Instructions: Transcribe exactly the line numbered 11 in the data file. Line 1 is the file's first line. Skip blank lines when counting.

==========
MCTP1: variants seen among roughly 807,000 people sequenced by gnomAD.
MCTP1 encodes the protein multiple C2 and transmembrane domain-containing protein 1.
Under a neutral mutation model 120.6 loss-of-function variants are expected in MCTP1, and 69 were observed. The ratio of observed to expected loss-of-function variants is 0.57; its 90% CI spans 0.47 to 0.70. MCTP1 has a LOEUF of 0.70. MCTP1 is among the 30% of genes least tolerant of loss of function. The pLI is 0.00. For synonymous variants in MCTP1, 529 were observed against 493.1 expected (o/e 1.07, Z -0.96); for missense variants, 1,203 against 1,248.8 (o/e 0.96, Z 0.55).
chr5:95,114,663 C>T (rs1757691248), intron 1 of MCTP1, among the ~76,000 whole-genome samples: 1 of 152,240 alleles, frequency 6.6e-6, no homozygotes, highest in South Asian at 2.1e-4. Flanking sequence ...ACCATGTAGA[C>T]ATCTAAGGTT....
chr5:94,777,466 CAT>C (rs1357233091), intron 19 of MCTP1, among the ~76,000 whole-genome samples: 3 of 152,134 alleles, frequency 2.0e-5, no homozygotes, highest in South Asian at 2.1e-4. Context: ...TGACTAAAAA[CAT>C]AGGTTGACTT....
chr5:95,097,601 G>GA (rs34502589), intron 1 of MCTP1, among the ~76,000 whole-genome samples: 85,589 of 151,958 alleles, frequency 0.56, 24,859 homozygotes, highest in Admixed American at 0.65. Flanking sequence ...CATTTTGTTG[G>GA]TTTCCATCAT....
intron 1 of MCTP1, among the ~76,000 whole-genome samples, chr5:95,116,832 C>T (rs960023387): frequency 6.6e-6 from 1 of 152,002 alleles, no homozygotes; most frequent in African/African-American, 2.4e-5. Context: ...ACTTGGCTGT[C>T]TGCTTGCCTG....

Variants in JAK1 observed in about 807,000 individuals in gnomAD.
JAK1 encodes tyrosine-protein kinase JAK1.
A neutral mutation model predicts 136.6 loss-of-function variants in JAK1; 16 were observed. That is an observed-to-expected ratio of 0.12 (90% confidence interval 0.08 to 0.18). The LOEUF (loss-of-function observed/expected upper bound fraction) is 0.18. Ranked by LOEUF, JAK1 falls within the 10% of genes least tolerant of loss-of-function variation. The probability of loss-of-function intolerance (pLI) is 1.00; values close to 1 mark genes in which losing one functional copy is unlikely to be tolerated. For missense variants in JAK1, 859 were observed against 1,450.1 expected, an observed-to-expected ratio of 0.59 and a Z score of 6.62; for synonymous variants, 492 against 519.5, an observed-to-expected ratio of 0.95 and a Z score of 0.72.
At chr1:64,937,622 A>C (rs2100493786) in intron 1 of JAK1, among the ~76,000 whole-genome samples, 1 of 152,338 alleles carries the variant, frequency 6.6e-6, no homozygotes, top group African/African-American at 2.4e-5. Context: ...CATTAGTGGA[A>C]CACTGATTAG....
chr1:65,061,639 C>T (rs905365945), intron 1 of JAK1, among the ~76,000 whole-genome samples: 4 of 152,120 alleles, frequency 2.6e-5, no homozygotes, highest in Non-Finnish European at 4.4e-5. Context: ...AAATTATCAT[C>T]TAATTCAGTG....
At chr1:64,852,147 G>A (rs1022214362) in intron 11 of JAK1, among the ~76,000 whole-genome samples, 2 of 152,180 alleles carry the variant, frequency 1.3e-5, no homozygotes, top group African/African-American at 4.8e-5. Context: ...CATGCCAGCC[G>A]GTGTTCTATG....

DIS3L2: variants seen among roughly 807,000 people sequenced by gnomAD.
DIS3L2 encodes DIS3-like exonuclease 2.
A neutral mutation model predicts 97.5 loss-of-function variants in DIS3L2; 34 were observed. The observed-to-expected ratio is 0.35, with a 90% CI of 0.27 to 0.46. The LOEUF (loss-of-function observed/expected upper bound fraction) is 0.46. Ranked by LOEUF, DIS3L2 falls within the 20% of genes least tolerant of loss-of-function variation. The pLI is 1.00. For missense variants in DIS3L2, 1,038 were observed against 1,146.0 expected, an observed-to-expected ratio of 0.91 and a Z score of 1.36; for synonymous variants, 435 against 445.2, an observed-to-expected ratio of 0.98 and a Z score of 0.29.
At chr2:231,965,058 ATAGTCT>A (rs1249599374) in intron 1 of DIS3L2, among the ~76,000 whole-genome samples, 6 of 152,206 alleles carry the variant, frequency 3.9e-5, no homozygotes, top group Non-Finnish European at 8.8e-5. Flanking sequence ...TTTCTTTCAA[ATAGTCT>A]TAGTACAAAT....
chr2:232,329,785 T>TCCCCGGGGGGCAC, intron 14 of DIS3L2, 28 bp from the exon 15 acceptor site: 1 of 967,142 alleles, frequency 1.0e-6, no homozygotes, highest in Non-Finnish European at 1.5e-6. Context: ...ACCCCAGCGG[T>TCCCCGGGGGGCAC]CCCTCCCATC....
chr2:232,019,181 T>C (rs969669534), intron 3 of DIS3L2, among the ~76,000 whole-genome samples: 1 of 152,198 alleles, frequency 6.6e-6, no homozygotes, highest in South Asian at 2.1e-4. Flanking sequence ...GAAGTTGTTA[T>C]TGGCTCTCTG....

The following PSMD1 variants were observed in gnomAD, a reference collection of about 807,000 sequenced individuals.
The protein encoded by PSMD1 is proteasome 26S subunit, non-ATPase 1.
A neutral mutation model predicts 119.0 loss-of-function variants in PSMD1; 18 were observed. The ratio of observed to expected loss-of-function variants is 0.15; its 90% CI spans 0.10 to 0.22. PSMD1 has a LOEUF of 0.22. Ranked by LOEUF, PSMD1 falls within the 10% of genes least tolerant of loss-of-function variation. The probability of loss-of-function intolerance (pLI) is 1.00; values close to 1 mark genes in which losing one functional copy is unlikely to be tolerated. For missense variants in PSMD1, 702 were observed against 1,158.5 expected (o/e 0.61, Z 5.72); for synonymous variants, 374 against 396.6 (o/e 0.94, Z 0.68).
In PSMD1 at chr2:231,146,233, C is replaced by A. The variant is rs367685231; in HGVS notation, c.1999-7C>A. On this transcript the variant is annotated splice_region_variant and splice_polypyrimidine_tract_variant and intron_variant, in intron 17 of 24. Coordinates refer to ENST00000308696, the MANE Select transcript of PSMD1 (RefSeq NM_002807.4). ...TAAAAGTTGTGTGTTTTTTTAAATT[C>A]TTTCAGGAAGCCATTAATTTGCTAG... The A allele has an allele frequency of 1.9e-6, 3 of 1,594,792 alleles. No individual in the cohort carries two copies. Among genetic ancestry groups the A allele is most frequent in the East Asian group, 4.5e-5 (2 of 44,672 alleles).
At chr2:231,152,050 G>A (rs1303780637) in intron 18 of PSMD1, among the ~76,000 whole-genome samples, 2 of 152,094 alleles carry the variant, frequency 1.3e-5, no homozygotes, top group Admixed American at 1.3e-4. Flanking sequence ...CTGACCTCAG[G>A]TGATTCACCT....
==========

At chr1:64,937,622 A>C (rs2100493786) in intron 1 of JAK1, among the ~76,000 whole-genome samples, 1 of 152,338 alleles carries the variant, frequency 6.6e-6, no homozygotes, top group African/African-American at 2.4e-5. Context: ...CATTAGTGGA[A>C]CACTGATTAG....